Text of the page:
Page:Dictionary of National Biography volume 15.djvu/8

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Of this translation Prior, in the preface to his ‘Poems’ (1733), says: ‘I take this occasion to thank my good friend and schoolfellow, Mr. Dibben, for his excellent version of the “Carmen Seculare,” though my gratitude may justly carry a little envy with it; for I believe the most accurate judges will find the translation exceed the original.’

[Addit. MS. 5867, f. 64; Hutchins's Dorsetshire (1813), iii. 161; London Mag. 1741, p. 206; Welch's Alumni Westmon. (Phillimore), pp. 222, 231, 232; Le Neve's Fasti (Hardy); Watt's Bibl. Brit.]

T. C.

DIBDIN, CHARLES (1745–1814), dramatist and song-writer, was born at Southampton on or before 4 March 1745. The date 1748 is commonly but inaccurately given; his baptismal register shows that he was privately baptised, being no doubt sickly at birth, on 4 March, and christened on the 26th at Holyrood Church, Southampton, where his father, Thomas Dibdin, was parish clerk. It is most improbable that Charles was, as he asserted, the eighteenth child of his father, ‘a silversmith, a man of considerable credit.’ Charles had been intended for the church, but music alone delighted him; his good voice in boyhood won him the position of chorister at Winchester Cathedral, under Fussell the organist, and soon the Winchester concert-rooms at the races and assizes ‘echoed with his vocal fame’ (Professional Life, i. 14). When he was ‘twelve’ (or fifteen?) years old he was kindly treated by Archdeacon Eden and John Hoadly (1711–1776) [q. v.], chancellor of the diocese. He became the principal singer at the Subscription Concerts; but his popularity with the clergy and officers left him little leisure even for musical study. He was rejected on account of his youth when he applied for the post of organist at Waltham, Hampshire. Invited to London, at free quarters, by his elder brother Thomas the seaman, he visited the theatres, made a position for himself by playing voluntaries at the churches, and often ‘played out the congregation of St. Bride's’ before he was sixteen. He was employed by Old Johnson, who kept a music-shop in Cheapside, but his sole employment was to tune harpsichords. His brother Tom had started in the Hope, West-Indiaman, and had been captured by a French seventy-four, so that no help could be expected from him. The Thompsons of St. Paul's Churchyard gave him his first three guineas for the copyright of six ballads, published at three halfpence each, after they had been sung by Kear at Finch's Grotto. He had not learnt music scientifically until he was sixteen, when he put in score Corelli's harmonies. He was introduced by Berenger to John Beard [q. v.], who accepted and produced for him a pastoral operetta, ‘The Shepherd's Artifice,’ 21 May 1764, and twice repeated it next season. In the summer of 1762 he had performed with Shuter, Weston, and Miss Pope at the Richmond Theatre, then called the Histrionic Academy. Next summer he went to Birmingham with Younger's company, and took some extra work at Vauxhall there; visited Coventry to see the Lady Godiva pageant, and 31 Jan. 1765 at Covent Garden played the part of Ralph in Isaac Bickerstaffe's ‘The Maid of the Mill,’ on Dunstall's incapacity becoming evident. He was encored in all the songs, and set the fashion of wearing ‘Ralph handkerchiefs.’ His salary was raised ten shillings a time in each of three successive weeks. He signed articles for three years, at 3l., 4l., and 5l. per week. Bickerstaffe's ‘The Maid of the Mill’ ran fifty nights. Dibdin condemns the envy and opposition of brother actors, which gradually drove him away from the profession in disgust. His taste was for operatic music, not for acting. After a second season at Birmingham he performed at Love's new theatre at Richmond. In 1767 he was the original Watty Cockney in ‘Love in the City,’ afterwards altered into ‘The Romp,’ for which he composed choruses and songs, including the popular ‘Dear me! how I long to be married!’ Dr. T. A. Arne [q. v.] generously saved him from the malignity of Simpson the hautboy player, but the piece lasted one week only. He next composed two-thirds of the music for ‘Lionel and Clarissa,’ by Bickerstaffe [q. v.], which was given in 1770 the sub-title of ‘The School for Fathers,’ of which nearly all the music was Dibdin's. For this he got no more than 48l. According to a current report he had already married the daughter of a respectable tradesman, a woman without beauty, but a handsome portion, and had deserted her when her fortune was dissipated, with the result that she lived on a scanty pittance till 1793 or later; no imputation was thrown on her character (Crosby, p. 103). In 1767 he had formed an illicit connection with Harriet Pitt, a dancer at Covent Garden, who played small parts. Her children by Dibdin included Charles Isaac Mungo Dibdin (1768–1833) (see below), and Thomas John Dibdin (1771–1841) [q. v.] Dibdin deserted Harriet Pitt about 1774, and she then returned to the stage under the name of Mrs. Davenet.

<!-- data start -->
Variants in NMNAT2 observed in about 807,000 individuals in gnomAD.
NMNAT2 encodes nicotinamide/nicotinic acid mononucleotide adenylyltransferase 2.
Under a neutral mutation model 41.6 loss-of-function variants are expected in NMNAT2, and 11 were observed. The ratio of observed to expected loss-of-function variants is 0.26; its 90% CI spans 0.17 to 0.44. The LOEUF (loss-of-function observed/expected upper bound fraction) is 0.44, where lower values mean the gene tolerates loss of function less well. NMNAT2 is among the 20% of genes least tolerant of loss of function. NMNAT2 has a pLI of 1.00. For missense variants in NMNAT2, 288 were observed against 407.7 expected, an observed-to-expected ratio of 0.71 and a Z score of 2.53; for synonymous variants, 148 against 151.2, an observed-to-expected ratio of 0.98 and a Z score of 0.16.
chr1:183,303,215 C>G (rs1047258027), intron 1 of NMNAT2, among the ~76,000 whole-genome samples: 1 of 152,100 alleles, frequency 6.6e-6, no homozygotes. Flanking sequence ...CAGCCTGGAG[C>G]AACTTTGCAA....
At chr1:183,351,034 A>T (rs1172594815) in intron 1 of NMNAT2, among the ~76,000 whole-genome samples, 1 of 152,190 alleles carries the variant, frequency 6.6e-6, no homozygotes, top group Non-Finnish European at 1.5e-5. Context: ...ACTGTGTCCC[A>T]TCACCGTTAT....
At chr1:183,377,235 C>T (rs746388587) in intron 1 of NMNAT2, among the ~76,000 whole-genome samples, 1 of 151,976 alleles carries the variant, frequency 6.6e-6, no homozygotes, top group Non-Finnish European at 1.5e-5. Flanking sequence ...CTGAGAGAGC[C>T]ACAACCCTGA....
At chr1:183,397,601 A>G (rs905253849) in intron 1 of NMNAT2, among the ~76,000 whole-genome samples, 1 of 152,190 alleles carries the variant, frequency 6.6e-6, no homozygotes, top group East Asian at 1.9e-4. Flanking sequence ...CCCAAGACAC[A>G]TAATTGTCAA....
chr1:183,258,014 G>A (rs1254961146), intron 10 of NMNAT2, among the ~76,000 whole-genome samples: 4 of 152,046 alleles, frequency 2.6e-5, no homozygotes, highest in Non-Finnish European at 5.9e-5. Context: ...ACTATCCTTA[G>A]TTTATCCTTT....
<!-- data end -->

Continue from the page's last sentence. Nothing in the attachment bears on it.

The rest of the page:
George Colman, succeeding Beard in the last year of Dibdin's articles, treated him harshly and with meanness. His benefit night was spoilt by the compulsory closing of the theatre on the death of Princess Matilda. On 30 Oct. 1768 Bickerstaffe's ‘Padlock,’ produced at